Old Navy has hired Todd Oldham as its creative captain.
The $6 billion, 900-unit Gap Inc. division said Friday that Oldham will become creative director on Oct. 1, and divide his time between New York and San Francisco. He'll play a key role in developing the merchandise direction and creative vision at Old Navy.
Dawn Robertson, Old Navy's president, explained in an interview how Oldham fits into the mass chain's evolving turnaround strategy: "Last June, I hired Doug Howe [executive vice president of product]. He's the leader of all the design functions. He's a merchant and leader of talent. But we also needed a creative visionary. Todd is going to develop, motivate and inspire the creative teams and provide input. He's the big-idea person, from a creative point of view, and will help design product. He has an unbelievable fashion pedigree.
"Todd was an interesting choice because he is so relevant," Robertson added. "He is really modern. He knows apparel. He knows home."
Oldham is considered a celebrity designer, having wide experience on Seventh Avenue across a spectrum of price points, and a familiar face on the talk show circuit and reality shows. The 45-year-old designer is founder of Todd Oldham Studio, a multifaceted design studio, and hosts "Todd Time" on MTV's "House of Style" and "Top Design," Bravo's reality series spotlighting interior design. His 20-year career spans interior design, film, photography, furniture, graphic art and even floral design for FTD.com. He's also the author of "Hand Made Modern," and from 2002 to 2003, he designed dorm-room furnishings for Target.
But he's been more successful at the mass level than with his own designer collection. Oldham sold the trademarks for his name six years ago to Jones Apparel Group, which did little with the brands. He reacquired his name a few years later, and subsequently focused his energies on home products. Oldham is the second well-known designer Gap Inc. has hired, following Patrick Robinson, who was tapped to be executive vice president of design for Gap Adult and GapBody.
Asked if Oldham could become a spokesperson for Old Navy, considering his high profile and TV exposure, Robertson replied: "He may evolve into something like that. It's something he is really good at and comfortable with."Eventually, Oldham will develop a line of merchandise under the Todd Oldham name to be sold exclusively at Old Navy stores, in effect creating the first designer line at Old Navy. He also could design home and beauty products for Old Navy, Robertson acknowledged. But she stressed the first priority is to improve the core Old Navy product and brand, and gave no time frame for the launch of the Oldham line.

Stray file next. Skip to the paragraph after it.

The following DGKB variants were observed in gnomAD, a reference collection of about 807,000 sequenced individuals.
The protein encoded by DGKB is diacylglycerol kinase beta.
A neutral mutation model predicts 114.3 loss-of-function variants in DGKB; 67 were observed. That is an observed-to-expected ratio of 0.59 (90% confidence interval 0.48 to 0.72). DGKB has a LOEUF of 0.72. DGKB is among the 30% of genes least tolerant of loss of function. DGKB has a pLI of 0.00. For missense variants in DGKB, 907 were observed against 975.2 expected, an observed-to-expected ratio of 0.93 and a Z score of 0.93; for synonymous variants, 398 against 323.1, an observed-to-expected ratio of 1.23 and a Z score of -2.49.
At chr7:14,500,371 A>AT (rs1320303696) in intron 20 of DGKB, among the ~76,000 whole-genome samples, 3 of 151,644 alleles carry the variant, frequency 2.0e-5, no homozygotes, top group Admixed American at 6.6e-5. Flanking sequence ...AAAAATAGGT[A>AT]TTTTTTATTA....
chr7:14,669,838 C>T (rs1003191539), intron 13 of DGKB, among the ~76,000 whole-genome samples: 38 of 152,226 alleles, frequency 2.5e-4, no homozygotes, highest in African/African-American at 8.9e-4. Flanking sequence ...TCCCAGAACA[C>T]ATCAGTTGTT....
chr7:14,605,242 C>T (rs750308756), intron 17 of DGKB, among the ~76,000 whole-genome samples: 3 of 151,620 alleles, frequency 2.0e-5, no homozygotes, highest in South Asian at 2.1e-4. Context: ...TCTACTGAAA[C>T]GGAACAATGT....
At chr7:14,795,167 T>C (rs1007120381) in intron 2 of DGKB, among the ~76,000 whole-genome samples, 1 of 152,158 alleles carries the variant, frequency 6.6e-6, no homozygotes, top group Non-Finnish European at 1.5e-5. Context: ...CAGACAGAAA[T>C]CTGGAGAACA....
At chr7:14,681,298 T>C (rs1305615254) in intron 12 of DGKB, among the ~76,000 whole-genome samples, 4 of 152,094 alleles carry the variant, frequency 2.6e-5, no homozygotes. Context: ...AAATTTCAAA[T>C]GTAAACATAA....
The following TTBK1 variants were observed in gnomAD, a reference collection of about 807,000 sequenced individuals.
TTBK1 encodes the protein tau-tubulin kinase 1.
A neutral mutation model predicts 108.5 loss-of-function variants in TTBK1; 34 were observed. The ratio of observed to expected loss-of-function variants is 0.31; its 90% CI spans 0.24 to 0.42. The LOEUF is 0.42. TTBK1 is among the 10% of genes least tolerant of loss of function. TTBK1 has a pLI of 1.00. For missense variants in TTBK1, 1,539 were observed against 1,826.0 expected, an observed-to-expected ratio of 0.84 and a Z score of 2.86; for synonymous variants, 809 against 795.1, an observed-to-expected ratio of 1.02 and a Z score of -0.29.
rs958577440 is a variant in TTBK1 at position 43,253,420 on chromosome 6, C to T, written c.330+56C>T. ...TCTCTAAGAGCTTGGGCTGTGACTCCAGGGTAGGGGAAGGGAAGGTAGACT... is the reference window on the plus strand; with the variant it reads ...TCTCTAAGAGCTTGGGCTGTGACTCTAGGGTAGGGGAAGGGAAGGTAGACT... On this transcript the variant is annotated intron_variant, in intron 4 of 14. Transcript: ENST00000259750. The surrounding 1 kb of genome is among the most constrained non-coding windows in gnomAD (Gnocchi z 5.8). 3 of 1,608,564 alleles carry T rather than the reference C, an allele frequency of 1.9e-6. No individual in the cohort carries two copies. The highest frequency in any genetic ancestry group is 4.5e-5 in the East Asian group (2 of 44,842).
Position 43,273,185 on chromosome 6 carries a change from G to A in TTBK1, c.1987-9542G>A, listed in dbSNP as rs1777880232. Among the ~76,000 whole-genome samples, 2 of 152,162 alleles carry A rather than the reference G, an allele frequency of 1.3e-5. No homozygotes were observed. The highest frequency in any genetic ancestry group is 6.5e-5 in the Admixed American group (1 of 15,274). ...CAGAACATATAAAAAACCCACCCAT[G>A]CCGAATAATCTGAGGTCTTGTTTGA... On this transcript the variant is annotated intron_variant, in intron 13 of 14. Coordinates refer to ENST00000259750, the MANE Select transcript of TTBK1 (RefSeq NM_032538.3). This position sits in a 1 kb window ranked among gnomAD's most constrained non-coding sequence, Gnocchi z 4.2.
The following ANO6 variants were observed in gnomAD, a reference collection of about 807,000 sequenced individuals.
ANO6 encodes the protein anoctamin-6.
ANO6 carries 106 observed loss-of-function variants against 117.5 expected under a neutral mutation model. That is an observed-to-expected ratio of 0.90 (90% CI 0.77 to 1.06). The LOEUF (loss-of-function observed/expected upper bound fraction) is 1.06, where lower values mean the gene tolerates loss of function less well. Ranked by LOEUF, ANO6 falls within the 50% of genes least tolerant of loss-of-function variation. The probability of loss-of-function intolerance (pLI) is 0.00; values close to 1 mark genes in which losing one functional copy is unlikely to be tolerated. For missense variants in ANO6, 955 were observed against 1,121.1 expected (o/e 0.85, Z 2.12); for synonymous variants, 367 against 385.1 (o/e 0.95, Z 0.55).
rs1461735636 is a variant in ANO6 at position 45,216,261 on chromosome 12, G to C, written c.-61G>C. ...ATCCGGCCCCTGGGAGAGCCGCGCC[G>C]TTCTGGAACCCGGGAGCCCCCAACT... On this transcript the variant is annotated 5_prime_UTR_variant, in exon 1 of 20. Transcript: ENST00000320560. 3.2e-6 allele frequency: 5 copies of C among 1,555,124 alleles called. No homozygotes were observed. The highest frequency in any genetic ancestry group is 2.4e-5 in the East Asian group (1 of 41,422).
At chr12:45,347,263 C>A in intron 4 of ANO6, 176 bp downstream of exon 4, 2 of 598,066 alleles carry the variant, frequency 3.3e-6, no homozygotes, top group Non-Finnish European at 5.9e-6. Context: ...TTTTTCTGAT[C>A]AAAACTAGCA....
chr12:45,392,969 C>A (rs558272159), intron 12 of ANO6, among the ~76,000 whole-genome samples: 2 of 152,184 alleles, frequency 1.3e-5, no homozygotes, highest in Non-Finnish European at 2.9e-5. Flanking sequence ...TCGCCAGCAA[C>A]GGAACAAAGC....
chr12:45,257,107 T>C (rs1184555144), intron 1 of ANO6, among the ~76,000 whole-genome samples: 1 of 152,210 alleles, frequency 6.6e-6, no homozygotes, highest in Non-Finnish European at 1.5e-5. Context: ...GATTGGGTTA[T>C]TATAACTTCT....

Asked if that could foreshadow adding other non-Old Navy product to the retailer's mix, Robertson replied: "Not at this point. We are very much a vertical retailer and want to continue to be."
It hasn't been smooth sailing for Old Navy. The last few years have been marked by negative sales trends and declining market share and loss of talent. While Oldham could help reverse the tide, Robertson already has implemented significant changes as part of the turnaround effort since she joined almost a year ago, replacing Old Navy veteran Jenny Ming. "The first thing we did was focus on the target customer," primarily women in their early 20s, and secondly, mothers shopping for their children.
"We have a pretty clear target customer, although we serve millions," Robertson said. "That target customer is the filter for everything we do."
The company also has reduced the time it takes to develop product and have it ready to sell, has changed its design team and rolled out new denim, dress and swim campaigns, which Robertson said have been successful. She said Old Navy now has a "consistent point of view" and a five-year strategy in place to improve the brand.
The Old Navy crew has made other key changes. John Luttrell will join the retailer as chief financial officer Oct. 1, and Michael Cape, formerly of J.C. Penney, became executive vice president of marketing in February.
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